I have just read the following from Dr Kendrick, which was posted in 2015:

Dr John Lowe also had the same viewpoint particularly with levothyroxine overtaking NDTs.


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Another thing I'm doing... weening myself off the psychiatric medicine. That quack has filled me full of poison for years.

Have just posted the above on the PAS Forum - thought it appropriate in the present climate .... :-)

Why can't all doctors be like Dr. Kendrick?

Wouldn't it be wonderful :-) I sat by him at breakfast at the Thyroid Conference - a chatty experience - and as he left the table he confirmed my thoughts on VitD v the Mediterranean Diet. When people around the table realised I lived in Crete they talked about wellness and the Cretan diet. I mentioned I thought it had more to do with the sun - knowing how the Greeks really eat that is :-)

Have the Greeks adopted the SAD (standard American diet) then?

No - they eat traditional food. Maybe the youngsters go for beefburgers etc. but it is still Greek salads and meat and fish dishes.

๐Ÿ˜Ž thanks for posting. I emailed the link to myself so I can read it tomorrow as I am lying in bed and have my iPhone and hand can't read all that just now as it is 2 o'clock in the morning over here

I scanned it quickly and got the gist though thank you very much

I scanned it quickly and got the gist though thank you very much

I worked in the pharmaceutical industry and one of the biggest problems in my opinion is that it is top heavy with industrial pharmacists and medical practitioners far removed from patient care.

Of course there are global and national monitoring of the safety of medicines however, this data is triggered primarily by reports of unwanted adverse side effects. Most reports are not taken seriously unless verified by a doctor therefore it is important for us as patients to not only to report any adverse effects of our medication but to report positive effects or no effect at all.

The control of medicine agencies in our respective countries (e.g. MHRA in the UK, FDA in the US) can only monitor the data they are provided with. It's up to us as patients to provide this data by reporting any issues we might have with our medication and give permission for our doctors to be contacted to verify that we have made an observation. For example, I take Levothyroxine and my hair is falling out, this could be a side effect. Sometimes I get emotional, this might mean that my medication is not controlling my symptoms therefore less than the desired effect. All of these symptoms have been reported to my doctor but I bet that they have not been reported to the manufacturer of my medication.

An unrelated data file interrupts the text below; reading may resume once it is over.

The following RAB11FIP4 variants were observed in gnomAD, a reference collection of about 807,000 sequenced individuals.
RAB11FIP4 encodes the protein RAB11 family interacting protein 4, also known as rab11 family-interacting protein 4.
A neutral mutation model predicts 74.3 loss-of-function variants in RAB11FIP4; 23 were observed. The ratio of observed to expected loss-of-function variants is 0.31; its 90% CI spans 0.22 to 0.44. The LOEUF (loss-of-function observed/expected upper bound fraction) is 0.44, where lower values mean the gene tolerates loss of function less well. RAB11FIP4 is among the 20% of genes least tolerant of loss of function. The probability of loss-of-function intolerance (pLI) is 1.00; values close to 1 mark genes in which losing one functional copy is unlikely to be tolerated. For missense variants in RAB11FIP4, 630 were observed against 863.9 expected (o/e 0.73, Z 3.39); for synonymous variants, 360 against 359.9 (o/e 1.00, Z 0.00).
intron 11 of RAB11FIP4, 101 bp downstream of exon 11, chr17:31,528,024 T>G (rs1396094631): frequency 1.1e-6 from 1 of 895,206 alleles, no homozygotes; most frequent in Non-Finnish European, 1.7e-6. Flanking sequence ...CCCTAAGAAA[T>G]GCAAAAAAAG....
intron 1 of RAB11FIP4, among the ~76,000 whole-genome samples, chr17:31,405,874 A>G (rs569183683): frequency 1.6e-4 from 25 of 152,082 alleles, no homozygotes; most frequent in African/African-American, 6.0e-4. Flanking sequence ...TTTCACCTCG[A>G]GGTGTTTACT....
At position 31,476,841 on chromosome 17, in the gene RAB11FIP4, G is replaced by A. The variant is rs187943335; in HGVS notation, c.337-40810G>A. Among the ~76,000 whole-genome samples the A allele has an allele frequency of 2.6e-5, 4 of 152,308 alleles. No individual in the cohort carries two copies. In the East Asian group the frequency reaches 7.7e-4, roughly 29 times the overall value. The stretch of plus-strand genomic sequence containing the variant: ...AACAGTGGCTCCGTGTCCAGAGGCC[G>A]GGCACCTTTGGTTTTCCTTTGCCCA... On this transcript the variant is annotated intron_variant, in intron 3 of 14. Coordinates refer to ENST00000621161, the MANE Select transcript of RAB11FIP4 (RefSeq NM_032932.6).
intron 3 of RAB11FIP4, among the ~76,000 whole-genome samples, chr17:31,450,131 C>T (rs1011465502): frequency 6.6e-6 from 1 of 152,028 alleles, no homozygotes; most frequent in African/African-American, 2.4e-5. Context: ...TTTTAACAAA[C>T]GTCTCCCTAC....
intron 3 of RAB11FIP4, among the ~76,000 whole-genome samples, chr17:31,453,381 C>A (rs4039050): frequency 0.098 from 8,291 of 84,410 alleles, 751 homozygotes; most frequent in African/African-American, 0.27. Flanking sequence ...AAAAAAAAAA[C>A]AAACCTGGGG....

Its time for us to take control. If we want to demonstrate that for many of us that monotherapy with T4 does not have the desired effect, we should report it. Only then will investigation be triggered and the pharmaceutical industry held to account.

Doctors used to diagnose us by clinical symptoms alone. Now many remain undiagnosed but very symptomatic due to taking the TSH alone as confirmation.

I agree @ shaws threrefore perhaps we need to remind them of what our clinical symptoms are. Perhaps using the symptom form provided in your link to compare where we were, and where we are now might help. By this I mean ticking all the symptoms that one has experienced over the course of your illness. Then, print out another one with only the symptoms relevant on that day. This can be used to compare general symptom status, also to monitor effectivebess of medication dose or medication changes or additions.

On each new assessment, I suggest that one writes down the current TSH (if available), this might demonstrate to a doctor at which TSH level you feel best at, for example, my best TSH is well below 1 which when a strange doctor views, they always feel the need to interfere with my medication. It's helpful that my endocrinologist writes that my medication should not be altered unless in an emergency situation without prior consultation with her.